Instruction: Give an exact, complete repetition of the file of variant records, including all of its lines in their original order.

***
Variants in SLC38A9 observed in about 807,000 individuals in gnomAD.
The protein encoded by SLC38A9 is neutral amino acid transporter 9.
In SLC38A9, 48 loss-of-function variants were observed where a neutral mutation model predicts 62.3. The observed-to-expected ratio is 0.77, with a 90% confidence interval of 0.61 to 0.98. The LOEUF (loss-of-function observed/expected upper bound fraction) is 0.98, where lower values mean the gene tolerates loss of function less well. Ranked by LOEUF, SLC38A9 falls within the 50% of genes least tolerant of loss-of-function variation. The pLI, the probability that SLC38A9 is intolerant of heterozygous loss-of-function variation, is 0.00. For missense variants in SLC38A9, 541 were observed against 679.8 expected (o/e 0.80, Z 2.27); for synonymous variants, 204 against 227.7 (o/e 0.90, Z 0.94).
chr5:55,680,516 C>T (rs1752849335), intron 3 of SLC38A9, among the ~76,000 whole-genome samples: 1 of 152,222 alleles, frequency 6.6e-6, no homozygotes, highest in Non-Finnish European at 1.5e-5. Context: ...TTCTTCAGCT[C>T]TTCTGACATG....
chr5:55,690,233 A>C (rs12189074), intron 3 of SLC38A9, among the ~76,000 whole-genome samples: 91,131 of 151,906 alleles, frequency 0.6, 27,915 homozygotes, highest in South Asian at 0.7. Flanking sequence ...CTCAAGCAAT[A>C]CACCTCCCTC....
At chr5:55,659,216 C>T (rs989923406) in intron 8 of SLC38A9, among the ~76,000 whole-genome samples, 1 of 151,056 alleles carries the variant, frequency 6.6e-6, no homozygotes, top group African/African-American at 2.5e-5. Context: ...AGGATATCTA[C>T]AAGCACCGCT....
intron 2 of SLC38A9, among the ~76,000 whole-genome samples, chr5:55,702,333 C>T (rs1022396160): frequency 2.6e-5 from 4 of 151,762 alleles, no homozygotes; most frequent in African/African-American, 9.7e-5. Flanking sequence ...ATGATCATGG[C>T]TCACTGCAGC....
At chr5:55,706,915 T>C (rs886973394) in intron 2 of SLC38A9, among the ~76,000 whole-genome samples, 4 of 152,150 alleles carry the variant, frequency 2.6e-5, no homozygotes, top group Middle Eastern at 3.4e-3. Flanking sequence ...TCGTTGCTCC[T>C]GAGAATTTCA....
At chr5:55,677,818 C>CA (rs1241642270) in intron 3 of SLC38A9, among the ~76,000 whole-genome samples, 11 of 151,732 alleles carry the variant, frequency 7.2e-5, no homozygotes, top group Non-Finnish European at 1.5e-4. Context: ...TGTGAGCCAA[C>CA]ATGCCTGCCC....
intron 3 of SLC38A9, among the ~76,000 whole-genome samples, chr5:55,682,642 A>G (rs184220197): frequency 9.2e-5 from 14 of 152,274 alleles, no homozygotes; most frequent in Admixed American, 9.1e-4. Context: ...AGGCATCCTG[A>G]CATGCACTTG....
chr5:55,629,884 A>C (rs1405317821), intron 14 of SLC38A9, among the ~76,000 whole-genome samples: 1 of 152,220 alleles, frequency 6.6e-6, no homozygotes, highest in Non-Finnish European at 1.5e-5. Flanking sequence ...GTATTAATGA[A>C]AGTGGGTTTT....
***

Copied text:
Variants in SLC38A9 observed in about 807,000 individuals in gnomAD.
The protein encoded by SLC38A9 is neutral amino acid transporter 9.
In SLC38A9, 48 loss-of-function variants were observed where a neutral mutation model predicts 62.3. The observed-to-expected ratio is 0.77, with a 90% confidence interval of 0.61 to 0.98. The LOEUF (loss-of-function observed/expected upper bound fraction) is 0.98, where lower values mean the gene tolerates loss of function less well. Ranked by LOEUF, SLC38A9 falls within the 50% of genes least tolerant of loss-of-function variation. The pLI, the probability that SLC38A9 is intolerant of heterozygous loss-of-function variation, is 0.00. For missense variants in SLC38A9, 541 were observed against 679.8 expected (o/e 0.80, Z 2.27); for synonymous variants, 204 against 227.7 (o/e 0.90, Z 0.94).
chr5:55,680,516 C>T (rs1752849335), intron 3 of SLC38A9, among the ~76,000 whole-genome samples: 1 of 152,222 alleles, frequency 6.6e-6, no homozygotes, highest in Non-Finnish European at 1.5e-5. Context: ...TTCTTCAGCT[C>T]TTCTGACATG....
chr5:55,690,233 A>C (rs12189074), intron 3 of SLC38A9, among the ~76,000 whole-genome samples: 91,131 of 151,906 alleles, frequency 0.6, 27,915 homozygotes, highest in South Asian at 0.7. Flanking sequence ...CTCAAGCAAT[A>C]CACCTCCCTC....
At chr5:55,659,216 C>T (rs989923406) in intron 8 of SLC38A9, among the ~76,000 whole-genome samples, 1 of 151,056 alleles carries the variant, frequency 6.6e-6, no homozygotes, top group African/African-American at 2.5e-5. Context: ...AGGATATCTA[C>T]AAGCACCGCT....
intron 2 of SLC38A9, among the ~76,000 whole-genome samples, chr5:55,702,333 C>T (rs1022396160): frequency 2.6e-5 from 4 of 151,762 alleles, no homozygotes; most frequent in African/African-American, 9.7e-5. Flanking sequence ...ATGATCATGG[C>T]TCACTGCAGC....
At chr5:55,706,915 T>C (rs886973394) in intron 2 of SLC38A9, among the ~76,000 whole-genome samples, 4 of 152,150 alleles carry the variant, frequency 2.6e-5, no homozygotes, top group Middle Eastern at 3.4e-3. Flanking sequence ...TCGTTGCTCC[T>C]GAGAATTTCA....
At chr5:55,677,818 C>CA (rs1241642270) in intron 3 of SLC38A9, among the ~76,000 whole-genome samples, 11 of 151,732 alleles carry the variant, frequency 7.2e-5, no homozygotes, top group Non-Finnish European at 1.5e-4. Context: ...TGTGAGCCAA[C>CA]ATGCCTGCCC....
intron 3 of SLC38A9, among the ~76,000 whole-genome samples, chr5:55,682,642 A>G (rs184220197): frequency 9.2e-5 from 14 of 152,274 alleles, no homozygotes; most frequent in Admixed American, 9.1e-4. Context: ...AGGCATCCTG[A>G]CATGCACTTG....
chr5:55,629,884 A>C (rs1405317821), intron 14 of SLC38A9, among the ~76,000 whole-genome samples: 1 of 152,220 alleles, frequency 6.6e-6, no homozygotes, highest in Non-Finnish European at 1.5e-5. Flanking sequence ...GTATTAATGA[A>C]AGTGGGTTTT....